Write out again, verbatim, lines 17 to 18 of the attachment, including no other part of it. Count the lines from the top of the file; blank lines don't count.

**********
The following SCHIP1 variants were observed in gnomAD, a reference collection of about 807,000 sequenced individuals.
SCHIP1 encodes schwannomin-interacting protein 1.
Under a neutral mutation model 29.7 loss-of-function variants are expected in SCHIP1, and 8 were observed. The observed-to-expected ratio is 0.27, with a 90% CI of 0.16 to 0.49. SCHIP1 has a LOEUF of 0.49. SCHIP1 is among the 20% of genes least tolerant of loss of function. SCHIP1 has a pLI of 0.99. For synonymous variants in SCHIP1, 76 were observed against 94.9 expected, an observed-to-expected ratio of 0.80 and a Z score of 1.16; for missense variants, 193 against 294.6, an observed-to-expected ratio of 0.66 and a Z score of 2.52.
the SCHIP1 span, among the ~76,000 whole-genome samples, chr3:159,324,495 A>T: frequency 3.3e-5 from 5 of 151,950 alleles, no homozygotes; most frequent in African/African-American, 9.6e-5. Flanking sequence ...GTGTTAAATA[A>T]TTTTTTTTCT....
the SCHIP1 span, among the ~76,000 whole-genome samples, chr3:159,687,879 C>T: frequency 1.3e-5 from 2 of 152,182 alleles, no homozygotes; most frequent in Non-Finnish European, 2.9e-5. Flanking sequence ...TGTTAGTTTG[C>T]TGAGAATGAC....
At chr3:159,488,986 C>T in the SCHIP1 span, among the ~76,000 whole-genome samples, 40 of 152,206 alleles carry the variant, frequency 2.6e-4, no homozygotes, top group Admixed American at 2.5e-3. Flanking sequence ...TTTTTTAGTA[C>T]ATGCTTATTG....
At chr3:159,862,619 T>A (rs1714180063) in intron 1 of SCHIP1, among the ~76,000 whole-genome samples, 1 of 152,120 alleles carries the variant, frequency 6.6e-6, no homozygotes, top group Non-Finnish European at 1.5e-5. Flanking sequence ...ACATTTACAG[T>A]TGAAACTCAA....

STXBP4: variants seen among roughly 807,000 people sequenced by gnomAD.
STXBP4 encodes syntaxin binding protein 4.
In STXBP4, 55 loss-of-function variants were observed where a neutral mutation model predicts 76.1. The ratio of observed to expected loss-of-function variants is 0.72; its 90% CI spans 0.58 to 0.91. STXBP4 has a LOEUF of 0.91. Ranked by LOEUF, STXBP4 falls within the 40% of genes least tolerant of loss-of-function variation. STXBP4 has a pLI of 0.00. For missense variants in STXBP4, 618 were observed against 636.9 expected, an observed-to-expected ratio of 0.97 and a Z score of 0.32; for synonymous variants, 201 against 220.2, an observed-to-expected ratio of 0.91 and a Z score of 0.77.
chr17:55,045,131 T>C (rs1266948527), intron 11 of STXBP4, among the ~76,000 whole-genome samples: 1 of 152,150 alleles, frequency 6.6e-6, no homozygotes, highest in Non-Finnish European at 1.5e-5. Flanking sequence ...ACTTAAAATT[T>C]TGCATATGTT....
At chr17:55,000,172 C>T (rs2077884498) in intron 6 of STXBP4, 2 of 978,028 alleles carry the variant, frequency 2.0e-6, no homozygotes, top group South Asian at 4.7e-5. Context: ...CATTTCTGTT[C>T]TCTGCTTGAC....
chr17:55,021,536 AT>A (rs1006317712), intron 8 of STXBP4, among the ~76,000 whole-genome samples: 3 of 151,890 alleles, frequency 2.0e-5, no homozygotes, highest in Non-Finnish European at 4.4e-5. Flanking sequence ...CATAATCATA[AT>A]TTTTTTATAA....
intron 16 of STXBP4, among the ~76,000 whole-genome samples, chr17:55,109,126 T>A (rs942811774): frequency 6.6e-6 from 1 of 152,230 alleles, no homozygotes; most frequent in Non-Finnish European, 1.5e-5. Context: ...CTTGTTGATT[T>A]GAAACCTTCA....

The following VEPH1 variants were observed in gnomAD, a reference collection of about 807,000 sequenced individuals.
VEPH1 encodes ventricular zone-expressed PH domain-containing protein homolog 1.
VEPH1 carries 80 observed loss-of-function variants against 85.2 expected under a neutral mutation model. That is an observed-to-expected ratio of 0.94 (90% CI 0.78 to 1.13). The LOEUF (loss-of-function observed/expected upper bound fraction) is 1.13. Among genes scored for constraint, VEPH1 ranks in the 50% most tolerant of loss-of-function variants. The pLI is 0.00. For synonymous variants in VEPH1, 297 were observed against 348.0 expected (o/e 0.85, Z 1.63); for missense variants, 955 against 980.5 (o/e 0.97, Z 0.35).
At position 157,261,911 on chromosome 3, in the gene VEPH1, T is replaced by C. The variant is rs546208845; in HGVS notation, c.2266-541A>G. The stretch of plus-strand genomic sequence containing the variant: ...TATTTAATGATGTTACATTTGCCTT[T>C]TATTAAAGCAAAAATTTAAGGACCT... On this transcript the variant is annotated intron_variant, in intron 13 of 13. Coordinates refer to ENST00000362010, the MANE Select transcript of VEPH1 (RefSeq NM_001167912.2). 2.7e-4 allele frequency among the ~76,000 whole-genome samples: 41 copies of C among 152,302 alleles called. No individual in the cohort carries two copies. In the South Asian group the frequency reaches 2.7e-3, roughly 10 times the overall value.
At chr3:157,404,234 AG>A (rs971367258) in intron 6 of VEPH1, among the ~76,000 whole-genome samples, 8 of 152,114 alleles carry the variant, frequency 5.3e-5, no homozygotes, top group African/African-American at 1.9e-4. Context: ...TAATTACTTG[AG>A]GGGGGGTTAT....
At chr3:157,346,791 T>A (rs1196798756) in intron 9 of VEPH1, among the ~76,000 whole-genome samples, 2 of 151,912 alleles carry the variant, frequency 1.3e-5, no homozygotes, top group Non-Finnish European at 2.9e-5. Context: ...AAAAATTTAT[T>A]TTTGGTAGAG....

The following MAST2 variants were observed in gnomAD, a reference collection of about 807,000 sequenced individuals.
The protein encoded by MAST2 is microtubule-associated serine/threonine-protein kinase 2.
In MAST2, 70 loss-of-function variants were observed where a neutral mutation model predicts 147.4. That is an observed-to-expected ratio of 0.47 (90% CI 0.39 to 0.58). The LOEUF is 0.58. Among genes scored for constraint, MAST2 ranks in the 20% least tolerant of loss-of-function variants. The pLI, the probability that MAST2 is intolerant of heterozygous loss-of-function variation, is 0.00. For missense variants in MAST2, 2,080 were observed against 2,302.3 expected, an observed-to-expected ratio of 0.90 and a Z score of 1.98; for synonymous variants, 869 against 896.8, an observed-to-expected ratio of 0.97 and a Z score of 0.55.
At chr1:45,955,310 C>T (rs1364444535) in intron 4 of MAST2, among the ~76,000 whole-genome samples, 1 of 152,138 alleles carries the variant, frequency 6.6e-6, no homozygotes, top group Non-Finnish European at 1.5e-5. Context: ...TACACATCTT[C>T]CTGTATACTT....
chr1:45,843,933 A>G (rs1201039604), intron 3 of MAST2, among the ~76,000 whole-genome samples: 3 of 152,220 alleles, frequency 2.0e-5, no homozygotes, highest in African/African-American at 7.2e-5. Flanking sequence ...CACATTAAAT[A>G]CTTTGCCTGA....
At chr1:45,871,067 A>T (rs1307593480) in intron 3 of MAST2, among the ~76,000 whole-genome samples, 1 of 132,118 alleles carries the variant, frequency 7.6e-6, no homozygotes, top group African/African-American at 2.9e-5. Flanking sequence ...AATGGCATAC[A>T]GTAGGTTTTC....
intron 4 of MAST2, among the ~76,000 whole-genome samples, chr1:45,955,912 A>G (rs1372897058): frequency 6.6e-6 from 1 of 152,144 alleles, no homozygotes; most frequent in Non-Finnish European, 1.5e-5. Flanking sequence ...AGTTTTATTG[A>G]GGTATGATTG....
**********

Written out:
VEPH1 carries 80 observed loss-of-function variants against 85.2 expected under a neutral mutation model. That is an observed-to-expected ratio of 0.94 (90% CI 0.78 to 1.13). The LOEUF (loss-of-function observed/expected upper bound fraction) is 1.13. Among genes scored for constraint, VEPH1 ranks in the 50% most tolerant of loss-of-function variants. The pLI is 0.00. For synonymous variants in VEPH1, 297 were observed against 348.0 expected (o/e 0.85, Z 1.63); for missense variants, 955 against 980.5 (o/e 0.97, Z 0.35).
At position 157,261,911 on chromosome 3, in the gene VEPH1, T is replaced by C. The variant is rs546208845; in HGVS notation, c.2266-541A>G. The stretch of plus-strand genomic sequence containing the variant: ...TATTTAATGATGTTACATTTGCCTT[T>C]TATTAAAGCAAAAATTTAAGGACCT... On this transcript the variant is annotated intron_variant, in intron 13 of 13. Coordinates refer to ENST00000362010, the MANE Select transcript of VEPH1 (RefSeq NM_001167912.2). 2.7e-4 allele frequency among the ~76,000 whole-genome samples: 41 copies of C among 152,302 alleles called. No individual in the cohort carries two copies. In the South Asian group the frequency reaches 2.7e-3, roughly 10 times the overall value.